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Martha Teter, RN, M. Ed., CDE was selected as the Diabetes Educator for Western Ohio in 1991, and is a member of the Dayton Area Diabetes Association. She is presently the coordinator of the Diabetes Education program at Wright-Patterson Air Force Base in Fairborn, Ohio.
A glowing letter of nomination was submitted to DIABETES HEALTH by members of one of her support groups. Following excerpts from the letter is an interview with Martha Teter.
The Diabetic Support Group at Wright-Patterson Air Force Base Medical Center would like to nominate our diabetes educator, Martha L. Teter, R.N., M. Ed., CDE, for Educator of the Month. We would really like to nominate her for Educator of the Year, but we will settle for the month.
She has evening enrichment programs, goes to the pediatric clinic and wards to teach, goes into the schools and talks to students about diabetes and teaches school nurses, teachers, and secretaries diabetes care.
This wonderful lady has done all this and still has been helpful to each of us. She has done so much for us we would appreciate it if you would consider her for the Educator of the Month.
The Diabetic Support Group
DI: How long have you been involved with diabetes education?
MT: For about 16 years now. I was always interested in teaching. In fact, I was a teacher before I got into health care, so, when this job came along, I was really excited to be teaching again.
DI: What part of your job do you enjoy the most?
MT: I love sitting down with patients and helping them to reach their goals. I like helping them to set a goal and watching them take the steps to reach it.
DI: What type of patients and conditions do you see the most of in your work?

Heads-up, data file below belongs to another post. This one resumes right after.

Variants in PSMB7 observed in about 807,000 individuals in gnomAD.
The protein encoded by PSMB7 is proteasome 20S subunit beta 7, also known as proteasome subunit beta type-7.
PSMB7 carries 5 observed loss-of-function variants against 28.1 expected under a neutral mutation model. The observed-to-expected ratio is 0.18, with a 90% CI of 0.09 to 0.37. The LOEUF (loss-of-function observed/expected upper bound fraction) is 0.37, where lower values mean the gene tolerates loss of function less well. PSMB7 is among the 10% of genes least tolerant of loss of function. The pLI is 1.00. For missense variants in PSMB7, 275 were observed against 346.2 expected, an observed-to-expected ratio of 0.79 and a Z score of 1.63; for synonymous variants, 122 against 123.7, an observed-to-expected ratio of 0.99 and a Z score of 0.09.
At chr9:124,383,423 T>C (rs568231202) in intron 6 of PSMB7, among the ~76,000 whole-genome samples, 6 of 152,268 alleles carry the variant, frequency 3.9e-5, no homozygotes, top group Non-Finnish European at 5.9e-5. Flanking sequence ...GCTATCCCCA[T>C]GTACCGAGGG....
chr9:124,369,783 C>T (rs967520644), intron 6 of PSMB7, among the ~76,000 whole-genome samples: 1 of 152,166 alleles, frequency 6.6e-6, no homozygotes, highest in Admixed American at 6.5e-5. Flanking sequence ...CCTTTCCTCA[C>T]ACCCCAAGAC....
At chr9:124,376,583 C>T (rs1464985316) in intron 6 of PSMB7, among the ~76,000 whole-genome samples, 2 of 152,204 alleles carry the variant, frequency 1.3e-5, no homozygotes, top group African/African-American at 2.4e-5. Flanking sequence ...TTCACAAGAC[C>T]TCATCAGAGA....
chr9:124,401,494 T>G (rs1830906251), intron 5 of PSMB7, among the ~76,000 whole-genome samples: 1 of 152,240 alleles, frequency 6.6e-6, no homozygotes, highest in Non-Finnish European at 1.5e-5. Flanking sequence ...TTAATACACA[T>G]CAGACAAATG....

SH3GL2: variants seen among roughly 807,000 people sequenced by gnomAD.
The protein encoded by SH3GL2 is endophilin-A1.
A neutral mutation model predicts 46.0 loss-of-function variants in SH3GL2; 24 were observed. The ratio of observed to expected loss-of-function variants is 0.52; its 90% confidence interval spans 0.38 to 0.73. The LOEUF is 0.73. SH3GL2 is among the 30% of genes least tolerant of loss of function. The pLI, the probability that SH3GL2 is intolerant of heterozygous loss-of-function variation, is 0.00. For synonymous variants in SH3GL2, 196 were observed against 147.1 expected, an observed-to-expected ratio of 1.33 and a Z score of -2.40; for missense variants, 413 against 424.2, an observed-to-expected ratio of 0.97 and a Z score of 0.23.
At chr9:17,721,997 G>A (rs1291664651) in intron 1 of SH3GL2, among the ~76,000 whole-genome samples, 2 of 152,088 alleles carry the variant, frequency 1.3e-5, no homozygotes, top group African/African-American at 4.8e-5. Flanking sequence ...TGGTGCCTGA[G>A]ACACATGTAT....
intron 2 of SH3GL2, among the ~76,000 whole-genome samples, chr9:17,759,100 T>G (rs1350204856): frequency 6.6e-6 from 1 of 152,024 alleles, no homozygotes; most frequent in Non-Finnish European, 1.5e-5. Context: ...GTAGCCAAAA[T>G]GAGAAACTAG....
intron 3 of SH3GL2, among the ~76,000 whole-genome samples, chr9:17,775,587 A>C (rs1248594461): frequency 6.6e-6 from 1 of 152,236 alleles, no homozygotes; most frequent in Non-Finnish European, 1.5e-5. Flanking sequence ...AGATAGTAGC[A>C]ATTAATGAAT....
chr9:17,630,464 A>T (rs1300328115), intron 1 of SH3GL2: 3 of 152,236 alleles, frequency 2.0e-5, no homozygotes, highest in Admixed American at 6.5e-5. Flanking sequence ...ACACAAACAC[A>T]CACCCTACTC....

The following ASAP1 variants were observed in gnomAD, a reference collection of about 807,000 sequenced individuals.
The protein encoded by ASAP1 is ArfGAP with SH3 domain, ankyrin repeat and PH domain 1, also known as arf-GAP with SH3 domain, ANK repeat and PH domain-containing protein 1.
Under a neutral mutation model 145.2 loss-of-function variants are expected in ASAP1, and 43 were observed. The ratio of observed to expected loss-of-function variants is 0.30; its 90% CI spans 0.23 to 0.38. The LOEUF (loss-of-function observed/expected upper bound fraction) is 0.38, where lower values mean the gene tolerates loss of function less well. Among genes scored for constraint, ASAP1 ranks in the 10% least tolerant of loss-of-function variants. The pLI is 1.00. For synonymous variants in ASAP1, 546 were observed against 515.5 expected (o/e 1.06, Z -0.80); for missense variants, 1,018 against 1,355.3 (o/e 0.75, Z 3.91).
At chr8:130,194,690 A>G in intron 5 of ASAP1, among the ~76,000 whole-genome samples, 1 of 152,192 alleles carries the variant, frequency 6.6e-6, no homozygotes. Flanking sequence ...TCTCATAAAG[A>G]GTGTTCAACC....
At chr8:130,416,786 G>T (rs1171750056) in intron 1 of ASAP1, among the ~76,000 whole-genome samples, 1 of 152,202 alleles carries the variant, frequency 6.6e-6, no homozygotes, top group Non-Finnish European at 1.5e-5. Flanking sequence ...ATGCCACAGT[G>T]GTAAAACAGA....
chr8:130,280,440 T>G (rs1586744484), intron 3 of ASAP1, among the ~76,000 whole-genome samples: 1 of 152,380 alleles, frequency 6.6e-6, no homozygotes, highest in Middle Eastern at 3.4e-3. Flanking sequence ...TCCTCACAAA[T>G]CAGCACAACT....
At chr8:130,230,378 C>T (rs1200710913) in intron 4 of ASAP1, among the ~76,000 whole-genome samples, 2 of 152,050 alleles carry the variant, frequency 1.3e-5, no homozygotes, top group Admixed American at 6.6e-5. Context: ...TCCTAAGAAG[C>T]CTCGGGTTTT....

MT: Most of the time I see patients with type 2 diabetes. I also see some patients with type I, but not many. I have about 20 children that I follow. I also see all of the patients who have gestational diabetes. My clinic is mostly an education clinic, so the patients also have physicians that they go to.
DI: With so many older patients do you find it more difficult for them to change their eating habits than younger people?
MT: I think it's hard for anyone to change a lifestyle. I think if you've already learned how you like to eat and enjoy yourself it's going to be hard to change that.
DI: What is the hardest part of your job?
MT: The hardest part is not having enough time in my day to do everything I want to do. In addition to coordinating the diabetes education program in the clinic, I also see patients and participate in support groups and attend diabetes related meetings. However, there is plenty more that needs to be done.
DI: What do you do in the support groups?
MT: The support group that wrote you the letter is a group that gets together and talks about whatever issues are on their mind at the time. They decide what they want and need to talk about. Often they read books about diabetes together and discuss them.
DI: What do you think is the most helpful book about diabetes?
MT: Well, the support group just got done reading Living Well With Diabetes from the I.D.C., I really like that one.
DI: What is the number one piece of advice you would give to people with diabetes?
MT: Never give up. Never expect to be able to live the program perfectly for every minute of every day forever. Know that lapses will happen and don't let them get you down.
Diabetes Health is the essential resource for people living with diabetes- both newly diagnosed and experienced as well as the professionals who care for them. We provide balanced expert news and information on living healthfully with diabetes. Each issue includes cutting-edge editorial coverage of new products, research, treatment options, and meaningful lifestyle issues.